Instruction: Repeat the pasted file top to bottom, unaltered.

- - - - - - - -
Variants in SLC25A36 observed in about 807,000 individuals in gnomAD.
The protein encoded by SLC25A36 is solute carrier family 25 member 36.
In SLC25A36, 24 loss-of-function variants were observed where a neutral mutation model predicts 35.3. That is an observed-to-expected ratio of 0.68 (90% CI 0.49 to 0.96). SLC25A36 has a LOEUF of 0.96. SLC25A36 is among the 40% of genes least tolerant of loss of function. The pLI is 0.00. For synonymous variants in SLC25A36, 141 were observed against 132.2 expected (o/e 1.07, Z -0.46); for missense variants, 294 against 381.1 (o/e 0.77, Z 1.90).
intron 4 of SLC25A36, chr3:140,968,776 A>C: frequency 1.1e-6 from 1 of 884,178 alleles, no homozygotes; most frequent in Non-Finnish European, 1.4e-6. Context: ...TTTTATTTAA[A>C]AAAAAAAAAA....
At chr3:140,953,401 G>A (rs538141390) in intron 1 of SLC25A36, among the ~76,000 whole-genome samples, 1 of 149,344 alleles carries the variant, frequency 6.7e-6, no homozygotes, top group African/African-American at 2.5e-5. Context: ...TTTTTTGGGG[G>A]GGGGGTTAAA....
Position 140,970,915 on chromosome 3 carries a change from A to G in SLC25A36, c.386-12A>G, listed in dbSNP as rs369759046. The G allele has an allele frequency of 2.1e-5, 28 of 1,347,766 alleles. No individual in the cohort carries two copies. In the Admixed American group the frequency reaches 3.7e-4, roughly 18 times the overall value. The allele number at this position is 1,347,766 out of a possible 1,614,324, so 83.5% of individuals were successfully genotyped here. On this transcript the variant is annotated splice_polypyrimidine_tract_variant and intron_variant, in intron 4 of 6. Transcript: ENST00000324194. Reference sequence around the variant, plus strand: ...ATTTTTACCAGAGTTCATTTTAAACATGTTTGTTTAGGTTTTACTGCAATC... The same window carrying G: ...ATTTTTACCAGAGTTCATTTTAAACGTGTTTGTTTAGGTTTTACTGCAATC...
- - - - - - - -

Variants in SLC25A36 observed in about 807,000 individuals in gnomAD.
The protein encoded by SLC25A36 is solute carrier family 25 member 36.
In SLC25A36, 24 loss-of-function variants were observed where a neutral mutation model predicts 35.3. That is an observed-to-expected ratio of 0.68 (90% CI 0.49 to 0.96). SLC25A36 has a LOEUF of 0.96. SLC25A36 is among the 40% of genes least tolerant of loss of function. The pLI is 0.00. For synonymous variants in SLC25A36, 141 were observed against 132.2 expected (o/e 1.07, Z -0.46); for missense variants, 294 against 381.1 (o/e 0.77, Z 1.90).
intron 4 of SLC25A36, chr3:140,968,776 A>C: frequency 1.1e-6 from 1 of 884,178 alleles, no homozygotes; most frequent in Non-Finnish European, 1.4e-6. Context: ...TTTTATTTAA[A>C]AAAAAAAAAA....
At chr3:140,953,401 G>A (rs538141390) in intron 1 of SLC25A36, among the ~76,000 whole-genome samples, 1 of 149,344 alleles carries the variant, frequency 6.7e-6, no homozygotes, top group African/African-American at 2.5e-5. Context: ...TTTTTTGGGG[G>A]GGGGGTTAAA....
Position 140,970,915 on chromosome 3 carries a change from A to G in SLC25A36, c.386-12A>G, listed in dbSNP as rs369759046. The G allele has an allele frequency of 2.1e-5, 28 of 1,347,766 alleles. No individual in the cohort carries two copies. In the Admixed American group the frequency reaches 3.7e-4, roughly 18 times the overall value. The allele number at this position is 1,347,766 out of a possible 1,614,324, so 83.5% of individuals were successfully genotyped here. On this transcript the variant is annotated splice_polypyrimidine_tract_variant and intron_variant, in intron 4 of 6. Transcript: ENST00000324194. Reference sequence around the variant, plus strand: ...ATTTTTACCAGAGTTCATTTTAAACATGTTTGTTTAGGTTTTACTGCAATC... The same window carrying G: ...ATTTTTACCAGAGTTCATTTTAAACGTGTTTGTTTAGGTTTTACTGCAATC...